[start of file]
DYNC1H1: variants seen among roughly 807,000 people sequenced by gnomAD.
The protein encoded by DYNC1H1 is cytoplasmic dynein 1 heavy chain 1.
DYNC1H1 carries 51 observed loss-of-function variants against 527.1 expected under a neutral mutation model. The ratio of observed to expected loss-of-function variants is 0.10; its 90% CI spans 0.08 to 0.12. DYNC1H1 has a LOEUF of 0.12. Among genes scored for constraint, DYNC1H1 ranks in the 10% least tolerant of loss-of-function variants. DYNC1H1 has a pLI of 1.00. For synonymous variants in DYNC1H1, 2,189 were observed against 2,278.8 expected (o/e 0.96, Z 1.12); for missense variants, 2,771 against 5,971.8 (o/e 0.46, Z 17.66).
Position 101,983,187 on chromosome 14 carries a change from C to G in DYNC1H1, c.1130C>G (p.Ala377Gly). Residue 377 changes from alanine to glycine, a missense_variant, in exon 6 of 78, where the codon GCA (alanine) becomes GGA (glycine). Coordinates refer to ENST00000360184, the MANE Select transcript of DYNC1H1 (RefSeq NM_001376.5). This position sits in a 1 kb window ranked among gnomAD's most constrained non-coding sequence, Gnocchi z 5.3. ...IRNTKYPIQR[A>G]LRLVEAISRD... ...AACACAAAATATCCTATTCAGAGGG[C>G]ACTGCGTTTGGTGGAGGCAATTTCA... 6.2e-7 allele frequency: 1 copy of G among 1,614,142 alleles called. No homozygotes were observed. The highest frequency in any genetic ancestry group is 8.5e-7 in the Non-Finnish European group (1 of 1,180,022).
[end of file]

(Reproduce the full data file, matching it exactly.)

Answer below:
DYNC1H1: variants seen among roughly 807,000 people sequenced by gnomAD.
The protein encoded by DYNC1H1 is cytoplasmic dynein 1 heavy chain 1.
DYNC1H1 carries 51 observed loss-of-function variants against 527.1 expected under a neutral mutation model. The ratio of observed to expected loss-of-function variants is 0.10; its 90% CI spans 0.08 to 0.12. DYNC1H1 has a LOEUF of 0.12. Among genes scored for constraint, DYNC1H1 ranks in the 10% least tolerant of loss-of-function variants. DYNC1H1 has a pLI of 1.00. For synonymous variants in DYNC1H1, 2,189 were observed against 2,278.8 expected (o/e 0.96, Z 1.12); for missense variants, 2,771 against 5,971.8 (o/e 0.46, Z 17.66).
Position 101,983,187 on chromosome 14 carries a change from C to G in DYNC1H1, c.1130C>G (p.Ala377Gly). Residue 377 changes from alanine to glycine, a missense_variant, in exon 6 of 78, where the codon GCA (alanine) becomes GGA (glycine). Coordinates refer to ENST00000360184, the MANE Select transcript of DYNC1H1 (RefSeq NM_001376.5). This position sits in a 1 kb window ranked among gnomAD's most constrained non-coding sequence, Gnocchi z 5.3. ...IRNTKYPIQR[A>G]LRLVEAISRD... ...AACACAAAATATCCTATTCAGAGGG[C>G]ACTGCGTTTGGTGGAGGCAATTTCA... 6.2e-7 allele frequency: 1 copy of G among 1,614,142 alleles called. No homozygotes were observed. The highest frequency in any genetic ancestry group is 8.5e-7 in the Non-Finnish European group (1 of 1,180,022).